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Effects of science process skills mastery learning approach on secondary school students’ achievement and acquisition of selected chemistry practical skills in Koibatek District schools, Kenya

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dc.contributor.author Chebii, Roselyn j.
dc.date.issued 2011-03
dc.date.accessioned 2018-11-06T07:39:34Z
dc.date.available 2018-11-06T07:39:34Z
dc.description.abstract Chemistry is one of the science subjects which are taught in Kenyan secondary schools. One of the objectives for teaching chemistry is to enable learners to use knowledge and skills acquired to solve problems in everyday life. Achievement of this objective depends on the methods and techniques employed by teachers during instruction. The method used can either enhance or hamper the learner’s interest in the subject and hence affect the overall performance of school learning. The Kenya National Examinations Council (KNEC) reports that secondary school students’ performance in chemistry practical papers is poor and this affects their overall achievement in Chemistry. Poor achievement in chemistry may be a result of the methods teachers use. This study was designed to investigate the effectiveness of Science Process Skills Mastery Learning Approach (SPROSMALEA) on students’ achievement and acquisition of selected science processes skills. The study was carried out in Koibatek District, Kenya, where a persistent low achievement in the subject has been registered. The study focused on the topic “salts” in Form Two chemistry syllabus. The Solomon Four Group, Non-equivalent Control Group Design was employed in the study. Four co-educational schools were purposively selected from the 35 secondary schools in the District and randomly assigned to serve as experimental group (E1), experimental group (E2) control group (C1) and control group (C2). Data were collected from a sample of 160 Form Two students. Three instruments namely, Chemistry Achievement Test (CAT), Science Process Skills Performance Test (SPSPT) and Classroom Observation Schedule (COS) were used for data collection. The instruments were pilot tested in two secondary schools in Koibatek District which were not part of the study but had similar characteristics as the sampled schools. This was to ascertain their suitability, establish its validity and reliability. Two groups, the experimental (E1) and control group (C1) were pre-tested, experimental group (E2) and second control group (C2) were not. All groups were taught the same course content for a period of four weeks, with the experimental groups receiving their instruction by use of (SPROSMALEA) approach and control groups using the conventional teaching method. During the teaching COS was used to observe and record the activities of the teachers and learners. A post-test on CAT and SPSPT was administered to all groups after the completion of instruction on the chemistry topic on salts. Both descriptive and inferential statistics were used to analyse the data using the Statistical Package for Social Sciences (SPSS) version 12.0 for Windows. ANOVA and ANCOVA were used to analyse differences in the four means of post-test scores. A t-test was used to get the differences between two means. Hypotheses of the study were tested at =0.05 level of significance. The results of the study indicate that students in the experimental groups outperformed the control groups in the achievement and the acquisition of selected chemistry practical skills. The findings further indicate that students’ and teachers’ activities during the instruction in the experimental groups had higher mean frequencies in COS than in the control groups. Science teachers, educators and policy makers are likely to benefit from the results and recommendations of the study in that it provides them with an alternative teaching approach which is capable of improving their achievement in the subject and acquisition of the desired practical skills. en_US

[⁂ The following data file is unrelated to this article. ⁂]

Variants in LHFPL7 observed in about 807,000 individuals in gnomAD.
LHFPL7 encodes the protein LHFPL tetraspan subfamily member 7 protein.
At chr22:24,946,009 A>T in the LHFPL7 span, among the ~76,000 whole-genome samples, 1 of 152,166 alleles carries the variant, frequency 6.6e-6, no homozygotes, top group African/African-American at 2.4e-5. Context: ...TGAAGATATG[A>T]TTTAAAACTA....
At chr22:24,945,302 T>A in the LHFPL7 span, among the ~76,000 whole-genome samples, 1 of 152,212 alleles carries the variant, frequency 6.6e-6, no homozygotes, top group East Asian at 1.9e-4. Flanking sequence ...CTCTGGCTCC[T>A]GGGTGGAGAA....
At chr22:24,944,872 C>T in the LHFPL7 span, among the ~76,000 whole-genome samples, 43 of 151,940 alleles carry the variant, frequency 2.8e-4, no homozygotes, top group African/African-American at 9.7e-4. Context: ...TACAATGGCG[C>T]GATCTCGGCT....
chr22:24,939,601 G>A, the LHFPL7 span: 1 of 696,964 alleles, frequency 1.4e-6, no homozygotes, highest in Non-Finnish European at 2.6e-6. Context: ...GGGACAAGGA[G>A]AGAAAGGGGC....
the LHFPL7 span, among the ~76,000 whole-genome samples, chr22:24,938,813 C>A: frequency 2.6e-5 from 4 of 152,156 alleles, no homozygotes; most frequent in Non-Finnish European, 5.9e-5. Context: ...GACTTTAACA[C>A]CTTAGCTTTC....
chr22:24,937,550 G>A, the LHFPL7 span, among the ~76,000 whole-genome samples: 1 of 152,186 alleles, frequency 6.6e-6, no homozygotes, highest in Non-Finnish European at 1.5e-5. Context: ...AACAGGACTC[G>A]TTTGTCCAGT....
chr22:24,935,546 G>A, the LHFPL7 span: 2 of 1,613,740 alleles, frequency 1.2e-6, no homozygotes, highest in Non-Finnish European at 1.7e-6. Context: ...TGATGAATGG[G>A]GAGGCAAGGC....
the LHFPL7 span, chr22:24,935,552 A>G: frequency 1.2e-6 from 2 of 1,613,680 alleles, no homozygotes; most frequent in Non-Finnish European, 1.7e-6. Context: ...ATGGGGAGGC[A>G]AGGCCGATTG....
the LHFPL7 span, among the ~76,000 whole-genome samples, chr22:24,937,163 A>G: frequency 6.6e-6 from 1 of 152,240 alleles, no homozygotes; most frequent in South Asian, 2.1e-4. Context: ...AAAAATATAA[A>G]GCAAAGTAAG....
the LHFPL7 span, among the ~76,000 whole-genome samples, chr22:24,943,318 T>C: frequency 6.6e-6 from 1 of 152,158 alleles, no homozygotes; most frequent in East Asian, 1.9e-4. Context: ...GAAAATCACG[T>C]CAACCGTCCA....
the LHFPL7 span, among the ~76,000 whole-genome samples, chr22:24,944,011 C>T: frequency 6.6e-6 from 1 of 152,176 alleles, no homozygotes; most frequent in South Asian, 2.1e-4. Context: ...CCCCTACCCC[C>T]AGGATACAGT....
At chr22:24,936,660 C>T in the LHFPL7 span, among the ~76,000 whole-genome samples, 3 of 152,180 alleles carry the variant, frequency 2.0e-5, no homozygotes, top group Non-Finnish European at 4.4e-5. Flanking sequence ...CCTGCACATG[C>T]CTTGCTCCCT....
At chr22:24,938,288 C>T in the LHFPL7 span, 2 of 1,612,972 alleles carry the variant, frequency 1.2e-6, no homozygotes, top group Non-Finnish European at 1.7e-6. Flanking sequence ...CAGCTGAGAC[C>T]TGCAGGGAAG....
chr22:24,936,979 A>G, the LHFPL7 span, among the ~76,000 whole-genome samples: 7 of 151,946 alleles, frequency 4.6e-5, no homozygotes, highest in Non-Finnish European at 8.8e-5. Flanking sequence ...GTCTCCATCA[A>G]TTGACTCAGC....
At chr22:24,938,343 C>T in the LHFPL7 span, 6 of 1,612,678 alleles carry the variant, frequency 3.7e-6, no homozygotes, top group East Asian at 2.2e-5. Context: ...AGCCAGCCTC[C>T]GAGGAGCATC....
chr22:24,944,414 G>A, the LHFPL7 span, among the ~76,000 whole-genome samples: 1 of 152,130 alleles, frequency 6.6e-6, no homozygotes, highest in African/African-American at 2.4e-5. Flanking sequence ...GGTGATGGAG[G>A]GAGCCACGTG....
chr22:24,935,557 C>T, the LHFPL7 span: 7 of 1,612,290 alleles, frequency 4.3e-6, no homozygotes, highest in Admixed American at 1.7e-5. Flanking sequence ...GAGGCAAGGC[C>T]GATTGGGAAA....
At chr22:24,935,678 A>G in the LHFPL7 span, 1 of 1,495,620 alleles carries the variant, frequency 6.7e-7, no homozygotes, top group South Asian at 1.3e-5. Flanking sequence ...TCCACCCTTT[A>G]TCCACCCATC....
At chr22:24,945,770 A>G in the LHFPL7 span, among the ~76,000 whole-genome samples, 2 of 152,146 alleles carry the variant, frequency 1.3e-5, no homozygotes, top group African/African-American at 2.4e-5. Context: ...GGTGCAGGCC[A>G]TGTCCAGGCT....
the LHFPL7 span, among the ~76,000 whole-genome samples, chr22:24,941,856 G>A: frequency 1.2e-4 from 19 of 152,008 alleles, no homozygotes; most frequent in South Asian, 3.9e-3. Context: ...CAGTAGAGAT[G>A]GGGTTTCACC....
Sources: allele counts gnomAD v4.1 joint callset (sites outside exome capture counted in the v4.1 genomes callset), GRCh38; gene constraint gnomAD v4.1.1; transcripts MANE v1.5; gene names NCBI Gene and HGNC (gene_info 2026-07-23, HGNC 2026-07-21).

dc.language.iso en en_US
dc.publisher Egerton University en_US
dc.subject Mastery learning approach -- Chemistry practical skills en_US
dc.title Effects of science process skills mastery learning approach on secondary school students’ achievement and acquisition of selected chemistry practical skills in Koibatek District schools, Kenya en_US
dc.type Thesis en_US

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